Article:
Worst to Best
The Inbetweeners

Amazingly, May 2018 marks the tenth anniversary of The Inbetweeners, the hugely popular E4 programme that spawned two hit movies. The series follows Will (Simon Bird), a private school sixth form student who is forced to relocate to a local comprehensive when his parents divorce. While there he experiences a series of misadventures with new friends Simon (Joe Thomas), Jay (James Buckley) and Neil (Blake Harrison).

MAY 2018

Updated January 2019 Three seasons aired from May 2008-October 2010, followed by two hit films. The entire series and movies are available to buy online via Amazon. In the meantime, please join me as I rate the entire series from worst to best...

Warning: As The Inbetweeners contains adult themes, some of the images and discussion in this article may not be suitable for younger readers.

21 Fwends Reunited (2019)

Fwends Reunited was a 2019 New Year's Day special that saw an extreme negative reaction on social media, so much so that James Buckley apologised on Twitter. It's a shame, because it's actually not that bad. It's not that good, either, but most of the criticism seems to be from viewers who thought they were getting a new episode, rather than a retrospective; blaming the show for failing to live up to an expectation, instead of blaming their own stupidity for not finding out what kind of show it was in the first place.
     There is some worthwhile stuff in there: in fact, the decision to amend this article and include it is entirely due to it featuring a very brief clip of Buckley playing Neil in Baggy Trousers (as pictured), the unaired pilot episode of the programme. There are some other behind-the-scenes moments that make it worthwhile for serious Inbetweener nerds, and some segments, such as the four leads on a car journey as themselves, are worth a look.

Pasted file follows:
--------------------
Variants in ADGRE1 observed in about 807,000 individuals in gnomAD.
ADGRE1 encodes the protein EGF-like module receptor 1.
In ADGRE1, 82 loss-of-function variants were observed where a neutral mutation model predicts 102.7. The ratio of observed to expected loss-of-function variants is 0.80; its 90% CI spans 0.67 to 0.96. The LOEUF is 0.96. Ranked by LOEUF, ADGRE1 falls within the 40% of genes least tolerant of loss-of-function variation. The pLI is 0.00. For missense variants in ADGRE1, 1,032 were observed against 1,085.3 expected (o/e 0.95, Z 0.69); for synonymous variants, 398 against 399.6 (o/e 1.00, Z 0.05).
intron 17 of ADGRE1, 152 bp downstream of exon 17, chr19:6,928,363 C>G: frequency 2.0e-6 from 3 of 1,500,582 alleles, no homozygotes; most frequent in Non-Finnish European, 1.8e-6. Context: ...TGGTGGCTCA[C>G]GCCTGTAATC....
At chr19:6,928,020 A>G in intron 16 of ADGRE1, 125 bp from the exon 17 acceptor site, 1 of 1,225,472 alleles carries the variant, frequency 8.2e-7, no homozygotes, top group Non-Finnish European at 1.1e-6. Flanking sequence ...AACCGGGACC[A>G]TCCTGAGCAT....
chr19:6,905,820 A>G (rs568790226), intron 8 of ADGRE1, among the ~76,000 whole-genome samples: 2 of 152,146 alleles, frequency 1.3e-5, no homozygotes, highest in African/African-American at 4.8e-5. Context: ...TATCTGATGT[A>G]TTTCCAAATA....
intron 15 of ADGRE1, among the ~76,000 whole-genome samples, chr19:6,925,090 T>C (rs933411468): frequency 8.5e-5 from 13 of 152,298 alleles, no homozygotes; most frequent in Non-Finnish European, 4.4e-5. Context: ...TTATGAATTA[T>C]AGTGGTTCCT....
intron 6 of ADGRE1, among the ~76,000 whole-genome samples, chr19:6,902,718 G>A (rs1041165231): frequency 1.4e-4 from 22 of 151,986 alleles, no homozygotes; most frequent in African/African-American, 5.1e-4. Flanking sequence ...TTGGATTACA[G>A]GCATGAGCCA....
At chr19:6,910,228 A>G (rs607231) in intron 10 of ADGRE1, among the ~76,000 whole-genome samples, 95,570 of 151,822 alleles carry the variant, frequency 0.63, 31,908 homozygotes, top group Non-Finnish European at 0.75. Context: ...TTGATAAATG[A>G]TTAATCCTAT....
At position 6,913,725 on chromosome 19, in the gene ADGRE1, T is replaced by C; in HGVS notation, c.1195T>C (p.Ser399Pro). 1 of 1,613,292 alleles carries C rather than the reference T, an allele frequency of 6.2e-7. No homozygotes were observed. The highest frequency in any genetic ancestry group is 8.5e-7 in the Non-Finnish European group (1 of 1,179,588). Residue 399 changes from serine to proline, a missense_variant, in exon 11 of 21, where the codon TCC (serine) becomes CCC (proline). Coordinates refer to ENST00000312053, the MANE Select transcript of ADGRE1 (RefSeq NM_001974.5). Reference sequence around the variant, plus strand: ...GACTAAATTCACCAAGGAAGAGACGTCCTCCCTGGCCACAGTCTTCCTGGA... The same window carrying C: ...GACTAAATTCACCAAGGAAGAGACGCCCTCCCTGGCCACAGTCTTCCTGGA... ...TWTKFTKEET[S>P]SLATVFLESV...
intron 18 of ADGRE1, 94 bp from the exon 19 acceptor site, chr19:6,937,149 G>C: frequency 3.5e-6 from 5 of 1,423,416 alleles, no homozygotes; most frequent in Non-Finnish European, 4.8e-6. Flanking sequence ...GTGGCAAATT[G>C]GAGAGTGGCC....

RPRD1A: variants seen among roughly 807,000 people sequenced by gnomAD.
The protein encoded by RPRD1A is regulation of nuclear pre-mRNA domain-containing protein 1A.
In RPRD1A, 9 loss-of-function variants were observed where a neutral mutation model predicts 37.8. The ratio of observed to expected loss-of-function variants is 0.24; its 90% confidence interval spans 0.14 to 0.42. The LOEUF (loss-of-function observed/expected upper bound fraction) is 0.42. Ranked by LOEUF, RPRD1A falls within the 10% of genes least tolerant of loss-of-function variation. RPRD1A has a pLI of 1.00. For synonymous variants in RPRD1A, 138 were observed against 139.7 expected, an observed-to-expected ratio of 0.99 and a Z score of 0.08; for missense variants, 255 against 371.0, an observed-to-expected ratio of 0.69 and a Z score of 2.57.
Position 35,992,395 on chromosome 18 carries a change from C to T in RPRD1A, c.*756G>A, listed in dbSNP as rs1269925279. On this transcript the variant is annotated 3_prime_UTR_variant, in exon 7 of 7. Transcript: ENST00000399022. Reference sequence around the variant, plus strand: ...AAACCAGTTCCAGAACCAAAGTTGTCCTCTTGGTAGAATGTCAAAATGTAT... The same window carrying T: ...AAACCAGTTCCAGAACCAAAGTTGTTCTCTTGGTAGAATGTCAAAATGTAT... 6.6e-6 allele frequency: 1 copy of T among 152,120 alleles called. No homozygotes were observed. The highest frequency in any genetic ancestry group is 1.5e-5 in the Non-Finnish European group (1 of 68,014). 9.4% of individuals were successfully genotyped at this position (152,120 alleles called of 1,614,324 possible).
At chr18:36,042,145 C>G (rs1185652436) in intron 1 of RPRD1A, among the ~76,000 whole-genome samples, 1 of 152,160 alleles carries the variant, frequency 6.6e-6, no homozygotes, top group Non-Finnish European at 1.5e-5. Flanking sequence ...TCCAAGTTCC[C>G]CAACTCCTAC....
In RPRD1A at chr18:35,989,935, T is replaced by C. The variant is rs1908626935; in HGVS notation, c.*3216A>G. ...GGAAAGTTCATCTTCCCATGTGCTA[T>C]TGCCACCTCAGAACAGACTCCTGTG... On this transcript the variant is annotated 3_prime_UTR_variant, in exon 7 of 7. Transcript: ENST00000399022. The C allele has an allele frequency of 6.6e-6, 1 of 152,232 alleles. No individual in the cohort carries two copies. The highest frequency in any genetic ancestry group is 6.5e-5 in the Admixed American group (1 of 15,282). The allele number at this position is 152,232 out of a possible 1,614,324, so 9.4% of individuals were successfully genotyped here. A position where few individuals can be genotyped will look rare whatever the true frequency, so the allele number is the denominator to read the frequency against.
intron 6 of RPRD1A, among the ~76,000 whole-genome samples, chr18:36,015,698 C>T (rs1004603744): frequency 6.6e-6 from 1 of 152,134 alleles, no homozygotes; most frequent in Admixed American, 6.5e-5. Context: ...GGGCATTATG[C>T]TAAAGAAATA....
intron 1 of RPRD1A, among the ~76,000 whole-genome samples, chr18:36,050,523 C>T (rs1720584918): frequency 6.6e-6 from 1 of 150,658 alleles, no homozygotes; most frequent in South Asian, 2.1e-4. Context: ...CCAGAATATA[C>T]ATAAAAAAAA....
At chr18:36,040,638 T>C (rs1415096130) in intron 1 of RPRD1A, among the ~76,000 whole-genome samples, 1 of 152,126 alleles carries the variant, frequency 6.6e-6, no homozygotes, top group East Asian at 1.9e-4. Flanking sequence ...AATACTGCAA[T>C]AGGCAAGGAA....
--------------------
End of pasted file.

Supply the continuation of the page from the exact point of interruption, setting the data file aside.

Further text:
Unfortunately, there's also a lot of bad, the majority of which has to fall on Jimmy Carr as a particularly miscast host of ceremonies. Throughout the 93 minute runtime (or two hours if you were watching with adverts) we hear more from Jimmy than the four stars combined, and he highlights how relatively quaint the series was by performing lots of "too far" jokes that make guests and viewers uncomfortable rather than adding to any humour in the format. Jimmy does have his moments, but this is a very bad clash of styles, and a very awful night for him. While it's true that the foursome don't really look comfortable, it's not as bad as suggested, but more importantly, they're not even given chance to get really involved in a show that's supposed to be about them.